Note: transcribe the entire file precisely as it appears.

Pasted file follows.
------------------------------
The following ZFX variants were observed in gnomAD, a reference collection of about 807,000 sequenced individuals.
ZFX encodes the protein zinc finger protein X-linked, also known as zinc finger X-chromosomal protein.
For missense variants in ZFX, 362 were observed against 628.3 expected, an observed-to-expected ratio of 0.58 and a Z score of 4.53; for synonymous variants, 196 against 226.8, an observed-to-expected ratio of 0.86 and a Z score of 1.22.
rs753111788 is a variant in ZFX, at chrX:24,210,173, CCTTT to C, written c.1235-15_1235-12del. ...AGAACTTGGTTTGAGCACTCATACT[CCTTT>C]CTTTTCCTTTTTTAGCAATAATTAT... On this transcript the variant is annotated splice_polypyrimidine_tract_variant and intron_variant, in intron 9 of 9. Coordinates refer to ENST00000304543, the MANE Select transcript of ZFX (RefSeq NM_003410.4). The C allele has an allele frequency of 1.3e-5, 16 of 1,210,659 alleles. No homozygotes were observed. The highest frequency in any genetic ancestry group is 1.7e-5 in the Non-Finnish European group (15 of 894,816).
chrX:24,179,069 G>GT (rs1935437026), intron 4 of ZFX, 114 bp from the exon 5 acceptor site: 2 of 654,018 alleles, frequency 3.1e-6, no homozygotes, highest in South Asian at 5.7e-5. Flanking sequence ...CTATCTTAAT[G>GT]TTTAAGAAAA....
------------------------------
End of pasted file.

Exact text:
The following ZFX variants were observed in gnomAD, a reference collection of about 807,000 sequenced individuals.
ZFX encodes the protein zinc finger protein X-linked, also known as zinc finger X-chromosomal protein.
For missense variants in ZFX, 362 were observed against 628.3 expected, an observed-to-expected ratio of 0.58 and a Z score of 4.53; for synonymous variants, 196 against 226.8, an observed-to-expected ratio of 0.86 and a Z score of 1.22.
rs753111788 is a variant in ZFX, at chrX:24,210,173, CCTTT to C, written c.1235-15_1235-12del. ...AGAACTTGGTTTGAGCACTCATACT[CCTTT>C]CTTTTCCTTTTTTAGCAATAATTAT... On this transcript the variant is annotated splice_polypyrimidine_tract_variant and intron_variant, in intron 9 of 9. Coordinates refer to ENST00000304543, the MANE Select transcript of ZFX (RefSeq NM_003410.4). The C allele has an allele frequency of 1.3e-5, 16 of 1,210,659 alleles. No homozygotes were observed. The highest frequency in any genetic ancestry group is 1.7e-5 in the Non-Finnish European group (15 of 894,816).
chrX:24,179,069 G>GT (rs1935437026), intron 4 of ZFX, 114 bp from the exon 5 acceptor site: 2 of 654,018 alleles, frequency 3.1e-6, no homozygotes, highest in South Asian at 5.7e-5. Flanking sequence ...CTATCTTAAT[G>GT]TTTAAGAAAA....